The film just works off the strength of three phenomenal & charismatic lead performances from Clooney, Vera Farmiga & Anna Kendrick, with Farmiga & Clooney's just palpable chemistry together, with Kendrick adding some laughs & charm to the screen. It may not work for some, but me being a single man in his 20s having similar feelings & thoughts as Bingham, I was enthralled & moved by this film.
Everytime I watch this I forget how much I love it. I wish it had more recognition.
I really don't know what to think about Up in the Air. I know that it's really good with it's crisp and perhaps perfect study of Ryan Bingham; a man so odd with his puzzling lifestyle choices. At the same time though the film never feels like a masterpiece, as if it is missing that key to satisfying perfection. In the end a 4.5 out of 5 will have to do it.
As previously mentioned Up in the Air is about Ryan Bingham; a guy who fires people for a living, travels constantly and preaches the greatness of an independent and commitment less lifestyle.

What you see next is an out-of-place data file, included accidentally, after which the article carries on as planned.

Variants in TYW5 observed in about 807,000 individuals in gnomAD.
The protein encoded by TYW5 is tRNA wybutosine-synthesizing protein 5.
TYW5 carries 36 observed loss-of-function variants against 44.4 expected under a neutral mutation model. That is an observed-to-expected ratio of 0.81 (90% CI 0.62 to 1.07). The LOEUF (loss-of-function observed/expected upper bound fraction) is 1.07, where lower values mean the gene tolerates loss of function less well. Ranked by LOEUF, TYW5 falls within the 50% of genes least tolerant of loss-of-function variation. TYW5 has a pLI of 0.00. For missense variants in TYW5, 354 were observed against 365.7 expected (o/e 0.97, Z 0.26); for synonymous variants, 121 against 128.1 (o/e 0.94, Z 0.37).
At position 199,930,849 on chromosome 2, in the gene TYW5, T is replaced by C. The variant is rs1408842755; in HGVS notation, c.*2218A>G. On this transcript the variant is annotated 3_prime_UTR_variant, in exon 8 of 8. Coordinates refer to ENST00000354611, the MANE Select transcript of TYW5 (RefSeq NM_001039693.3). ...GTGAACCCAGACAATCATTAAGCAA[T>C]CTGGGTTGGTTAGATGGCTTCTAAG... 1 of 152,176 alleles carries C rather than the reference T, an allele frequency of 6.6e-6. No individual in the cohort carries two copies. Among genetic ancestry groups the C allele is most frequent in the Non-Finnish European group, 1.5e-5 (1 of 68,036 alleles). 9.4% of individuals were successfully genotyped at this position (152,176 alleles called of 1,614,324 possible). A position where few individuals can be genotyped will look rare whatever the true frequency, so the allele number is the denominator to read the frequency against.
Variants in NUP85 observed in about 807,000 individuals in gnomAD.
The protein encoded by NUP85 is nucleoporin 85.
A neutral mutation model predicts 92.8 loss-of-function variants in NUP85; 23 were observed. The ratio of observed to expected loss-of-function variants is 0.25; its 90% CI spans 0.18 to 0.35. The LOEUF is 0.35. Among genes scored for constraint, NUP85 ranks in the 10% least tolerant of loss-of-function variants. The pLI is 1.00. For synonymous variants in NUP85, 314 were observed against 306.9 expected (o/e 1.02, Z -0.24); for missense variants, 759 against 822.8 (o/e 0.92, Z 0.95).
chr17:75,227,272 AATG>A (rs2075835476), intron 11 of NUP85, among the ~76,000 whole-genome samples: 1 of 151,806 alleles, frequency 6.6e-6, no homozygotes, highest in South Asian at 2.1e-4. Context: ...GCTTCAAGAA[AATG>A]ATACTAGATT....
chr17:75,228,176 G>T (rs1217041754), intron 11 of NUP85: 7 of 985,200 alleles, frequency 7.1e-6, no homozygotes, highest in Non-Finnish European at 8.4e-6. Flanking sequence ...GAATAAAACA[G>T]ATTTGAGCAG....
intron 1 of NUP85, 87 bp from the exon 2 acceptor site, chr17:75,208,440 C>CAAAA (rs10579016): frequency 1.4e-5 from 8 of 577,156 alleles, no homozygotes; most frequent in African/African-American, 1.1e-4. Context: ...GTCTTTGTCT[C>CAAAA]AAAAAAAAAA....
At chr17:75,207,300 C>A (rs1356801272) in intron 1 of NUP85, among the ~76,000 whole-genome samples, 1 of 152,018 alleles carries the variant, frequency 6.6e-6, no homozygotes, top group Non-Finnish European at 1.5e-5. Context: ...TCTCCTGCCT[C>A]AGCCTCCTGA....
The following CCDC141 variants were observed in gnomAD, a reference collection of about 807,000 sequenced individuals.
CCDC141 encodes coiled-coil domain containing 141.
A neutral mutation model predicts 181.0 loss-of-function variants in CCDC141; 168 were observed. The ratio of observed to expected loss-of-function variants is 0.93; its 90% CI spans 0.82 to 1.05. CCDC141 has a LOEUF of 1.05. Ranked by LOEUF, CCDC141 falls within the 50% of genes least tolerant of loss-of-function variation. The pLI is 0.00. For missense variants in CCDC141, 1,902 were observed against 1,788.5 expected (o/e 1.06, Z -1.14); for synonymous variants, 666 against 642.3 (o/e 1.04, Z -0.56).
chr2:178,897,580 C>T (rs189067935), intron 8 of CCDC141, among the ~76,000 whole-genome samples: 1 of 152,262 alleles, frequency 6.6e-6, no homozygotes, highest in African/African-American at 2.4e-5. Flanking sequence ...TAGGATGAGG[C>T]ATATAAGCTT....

The screenplay telling this story is excellent, delivering fresh and realistic dialogue complete with strange humour…
I thought the concept of someone who lives their life through airports and hotels was interesting. As someone who loves to travel, I thoroughly enjoyed the idea of it all. The only bad thing I could say about this film is that I felt like George Clooney and Vera Farmiga's storyline was pointless.
My go-to movie for when I'm packing for the airport.
If this film feels like it's a music video or a travel brochure, that's probably because it thinks it is. It's a visual trip, with expensive-looking aerial shots of every city imaginable, beautiful typography, and a romantic colour palette. It's cut to the sound of a snappy score and larger-than-life sound design. All of this almost comes off as distracting, but it serves good purpose.
This is an incredibly heavy film, and it's got the potential to be depressing and distressing. That's why its aesthetics become so important; it lightens the mood. It layers the delight of travelling over the incredibly dispiriting subject matter. The result is something wonderfully bittersweet.
The acting is just as complex. The characters are people…